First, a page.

Bill Bowen writes: I’ve noticed recently that, almost without exception, the term used by journalists – whether a person is charged or not – that such a person is “innocent until proven guilty”. Even your QC Peter Faris used this term recently (whether this was a “subbing error” or Faris’s error I don’t know although I suspect it would not be a term that an eminent barrister like Peter Faris QC would incorrectly use!) The above term used is patently incorrect; it implies quite clearly that if the accused is pursued long enough a guilty verdict will result – instead of the correct “term” which is “innocent unless proven guilty”, whereby a guilty verdict is only reached based upon the evidence presented in the courts, NOT “if the courts try long enough” it will achieve a guilty verdict, regardless of the evidence.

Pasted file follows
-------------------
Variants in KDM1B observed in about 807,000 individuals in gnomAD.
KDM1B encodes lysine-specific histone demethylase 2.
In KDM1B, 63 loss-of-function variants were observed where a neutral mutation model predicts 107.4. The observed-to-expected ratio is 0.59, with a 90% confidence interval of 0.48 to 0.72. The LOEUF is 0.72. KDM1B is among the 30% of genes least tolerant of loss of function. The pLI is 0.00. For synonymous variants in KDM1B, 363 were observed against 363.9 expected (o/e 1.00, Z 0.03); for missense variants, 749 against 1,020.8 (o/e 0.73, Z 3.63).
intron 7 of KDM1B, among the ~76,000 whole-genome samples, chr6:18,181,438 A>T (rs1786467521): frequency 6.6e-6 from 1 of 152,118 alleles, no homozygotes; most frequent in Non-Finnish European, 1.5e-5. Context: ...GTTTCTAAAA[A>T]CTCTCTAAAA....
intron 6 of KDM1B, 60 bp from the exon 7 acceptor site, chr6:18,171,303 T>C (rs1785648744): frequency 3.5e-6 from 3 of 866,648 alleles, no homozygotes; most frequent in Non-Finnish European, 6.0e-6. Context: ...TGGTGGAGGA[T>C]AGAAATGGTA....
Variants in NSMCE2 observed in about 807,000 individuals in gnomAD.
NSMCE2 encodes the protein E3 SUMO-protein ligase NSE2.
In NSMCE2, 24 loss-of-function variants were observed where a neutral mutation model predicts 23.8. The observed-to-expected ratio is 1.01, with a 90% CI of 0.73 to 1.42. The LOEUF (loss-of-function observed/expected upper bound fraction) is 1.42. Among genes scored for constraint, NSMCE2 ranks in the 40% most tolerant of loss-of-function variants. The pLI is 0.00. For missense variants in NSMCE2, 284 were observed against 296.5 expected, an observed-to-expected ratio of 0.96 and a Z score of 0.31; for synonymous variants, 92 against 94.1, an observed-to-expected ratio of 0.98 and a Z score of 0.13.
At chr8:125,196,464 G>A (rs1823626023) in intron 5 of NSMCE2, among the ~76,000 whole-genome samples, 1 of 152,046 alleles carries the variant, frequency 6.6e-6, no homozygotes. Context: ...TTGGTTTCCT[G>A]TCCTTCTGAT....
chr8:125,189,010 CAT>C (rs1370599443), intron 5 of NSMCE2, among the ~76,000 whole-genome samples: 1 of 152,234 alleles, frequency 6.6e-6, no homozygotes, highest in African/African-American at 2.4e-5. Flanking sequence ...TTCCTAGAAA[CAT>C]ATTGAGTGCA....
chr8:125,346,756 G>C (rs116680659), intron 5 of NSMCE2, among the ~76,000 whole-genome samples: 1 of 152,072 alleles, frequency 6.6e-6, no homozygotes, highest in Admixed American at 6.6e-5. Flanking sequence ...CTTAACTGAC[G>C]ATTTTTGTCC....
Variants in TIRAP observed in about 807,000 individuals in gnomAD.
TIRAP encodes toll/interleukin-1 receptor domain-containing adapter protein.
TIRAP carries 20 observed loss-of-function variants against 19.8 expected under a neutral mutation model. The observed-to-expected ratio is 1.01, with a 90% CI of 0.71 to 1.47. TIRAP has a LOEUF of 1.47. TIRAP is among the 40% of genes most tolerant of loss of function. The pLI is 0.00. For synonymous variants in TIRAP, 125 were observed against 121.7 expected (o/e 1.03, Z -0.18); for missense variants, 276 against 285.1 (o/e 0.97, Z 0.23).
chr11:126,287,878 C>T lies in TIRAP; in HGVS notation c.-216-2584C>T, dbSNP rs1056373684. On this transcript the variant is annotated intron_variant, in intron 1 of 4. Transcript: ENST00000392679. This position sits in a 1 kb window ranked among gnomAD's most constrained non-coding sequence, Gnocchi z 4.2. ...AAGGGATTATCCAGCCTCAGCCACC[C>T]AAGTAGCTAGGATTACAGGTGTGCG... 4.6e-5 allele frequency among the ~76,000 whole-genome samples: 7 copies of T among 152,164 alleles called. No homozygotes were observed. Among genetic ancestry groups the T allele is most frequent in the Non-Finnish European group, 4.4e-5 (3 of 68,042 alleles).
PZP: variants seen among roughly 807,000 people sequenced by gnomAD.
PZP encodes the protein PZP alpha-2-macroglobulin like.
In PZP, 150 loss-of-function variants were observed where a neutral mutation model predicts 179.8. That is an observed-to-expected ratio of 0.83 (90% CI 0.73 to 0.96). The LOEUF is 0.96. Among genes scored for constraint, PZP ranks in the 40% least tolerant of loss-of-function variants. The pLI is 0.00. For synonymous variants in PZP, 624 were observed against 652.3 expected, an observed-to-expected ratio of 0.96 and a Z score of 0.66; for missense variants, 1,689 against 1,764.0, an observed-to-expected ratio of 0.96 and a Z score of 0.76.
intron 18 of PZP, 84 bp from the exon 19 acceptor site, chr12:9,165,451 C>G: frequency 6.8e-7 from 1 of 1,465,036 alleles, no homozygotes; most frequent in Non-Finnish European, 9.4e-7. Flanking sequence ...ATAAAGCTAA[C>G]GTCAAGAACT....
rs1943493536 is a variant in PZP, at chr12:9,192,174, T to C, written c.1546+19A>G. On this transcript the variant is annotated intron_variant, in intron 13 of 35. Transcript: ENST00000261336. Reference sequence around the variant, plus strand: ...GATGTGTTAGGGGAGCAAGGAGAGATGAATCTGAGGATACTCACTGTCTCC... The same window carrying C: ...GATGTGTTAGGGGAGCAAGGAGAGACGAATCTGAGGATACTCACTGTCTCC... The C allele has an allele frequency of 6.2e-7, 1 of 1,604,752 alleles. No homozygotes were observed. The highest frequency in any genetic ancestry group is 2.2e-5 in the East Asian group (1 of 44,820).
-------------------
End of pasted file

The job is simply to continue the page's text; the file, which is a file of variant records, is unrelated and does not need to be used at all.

DIMA spokesperson Sandi Logan writes: Re: “a swank north shore Sydney restaurant has kitchen staff on 457 visas whose pay rate is $4.00 per hour” (yesterday, item 6). I thank your anonymous contributor for providing Crikey with this piece of information. However, can I ask them to do something more useful and contact the Immigration Dob-in Line on 1800 009 623 and provide the name of the restaurant to our officers so the claim can be tested and the allegation investigated?